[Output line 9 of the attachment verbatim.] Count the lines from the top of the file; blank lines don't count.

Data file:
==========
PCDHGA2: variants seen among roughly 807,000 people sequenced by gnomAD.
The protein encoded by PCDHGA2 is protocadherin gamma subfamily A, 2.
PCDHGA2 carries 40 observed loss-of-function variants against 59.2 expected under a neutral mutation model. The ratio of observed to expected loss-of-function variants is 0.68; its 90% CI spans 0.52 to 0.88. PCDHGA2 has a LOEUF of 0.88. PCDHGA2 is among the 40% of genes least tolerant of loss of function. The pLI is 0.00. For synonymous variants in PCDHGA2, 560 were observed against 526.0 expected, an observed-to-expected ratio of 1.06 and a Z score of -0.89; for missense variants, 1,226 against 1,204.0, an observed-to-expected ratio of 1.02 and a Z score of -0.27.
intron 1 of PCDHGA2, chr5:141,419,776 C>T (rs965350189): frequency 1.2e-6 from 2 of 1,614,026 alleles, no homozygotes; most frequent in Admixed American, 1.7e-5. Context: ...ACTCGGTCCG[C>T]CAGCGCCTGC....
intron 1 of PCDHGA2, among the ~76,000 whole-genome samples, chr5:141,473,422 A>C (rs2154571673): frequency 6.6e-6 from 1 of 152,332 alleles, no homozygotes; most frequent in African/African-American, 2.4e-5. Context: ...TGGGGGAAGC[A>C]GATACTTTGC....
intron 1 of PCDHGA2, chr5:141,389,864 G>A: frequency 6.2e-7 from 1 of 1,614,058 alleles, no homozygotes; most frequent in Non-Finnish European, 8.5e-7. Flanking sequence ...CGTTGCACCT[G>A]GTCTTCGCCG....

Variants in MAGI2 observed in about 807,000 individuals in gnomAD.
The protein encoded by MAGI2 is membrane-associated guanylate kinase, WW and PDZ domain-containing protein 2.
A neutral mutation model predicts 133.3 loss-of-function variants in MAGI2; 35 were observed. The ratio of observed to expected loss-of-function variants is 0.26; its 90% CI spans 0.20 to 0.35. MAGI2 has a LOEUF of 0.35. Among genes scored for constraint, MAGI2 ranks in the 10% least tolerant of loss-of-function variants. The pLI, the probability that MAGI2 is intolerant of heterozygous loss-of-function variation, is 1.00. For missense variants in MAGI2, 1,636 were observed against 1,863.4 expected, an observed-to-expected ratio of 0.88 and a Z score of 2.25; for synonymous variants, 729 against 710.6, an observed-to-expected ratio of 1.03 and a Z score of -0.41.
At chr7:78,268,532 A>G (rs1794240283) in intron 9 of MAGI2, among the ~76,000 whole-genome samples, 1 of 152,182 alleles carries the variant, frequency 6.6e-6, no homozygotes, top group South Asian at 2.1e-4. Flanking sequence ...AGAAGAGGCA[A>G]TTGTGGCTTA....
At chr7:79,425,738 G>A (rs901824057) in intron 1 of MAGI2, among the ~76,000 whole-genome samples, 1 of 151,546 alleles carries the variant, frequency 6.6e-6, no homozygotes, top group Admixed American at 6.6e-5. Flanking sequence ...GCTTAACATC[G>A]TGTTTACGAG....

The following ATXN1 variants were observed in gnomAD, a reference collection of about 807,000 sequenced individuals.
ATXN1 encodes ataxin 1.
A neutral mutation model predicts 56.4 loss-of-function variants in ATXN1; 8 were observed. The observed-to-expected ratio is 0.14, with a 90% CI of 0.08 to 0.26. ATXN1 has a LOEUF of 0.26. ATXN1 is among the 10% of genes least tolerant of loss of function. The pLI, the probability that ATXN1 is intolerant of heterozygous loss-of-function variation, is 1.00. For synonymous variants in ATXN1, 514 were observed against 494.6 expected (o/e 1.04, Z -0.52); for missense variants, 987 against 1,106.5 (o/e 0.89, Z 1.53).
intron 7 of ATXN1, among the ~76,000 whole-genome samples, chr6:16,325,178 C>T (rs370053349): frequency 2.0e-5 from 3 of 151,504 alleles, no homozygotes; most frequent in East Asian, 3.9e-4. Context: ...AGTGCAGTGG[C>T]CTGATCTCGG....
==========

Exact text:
A neutral mutation model predicts 133.3 loss-of-function variants in MAGI2; 35 were observed. The ratio of observed to expected loss-of-function variants is 0.26; its 90% CI spans 0.20 to 0.35. MAGI2 has a LOEUF of 0.35. Among genes scored for constraint, MAGI2 ranks in the 10% least tolerant of loss-of-function variants. The pLI, the probability that MAGI2 is intolerant of heterozygous loss-of-function variation, is 1.00. For missense variants in MAGI2, 1,636 were observed against 1,863.4 expected, an observed-to-expected ratio of 0.88 and a Z score of 2.25; for synonymous variants, 729 against 710.6, an observed-to-expected ratio of 1.03 and a Z score of -0.41.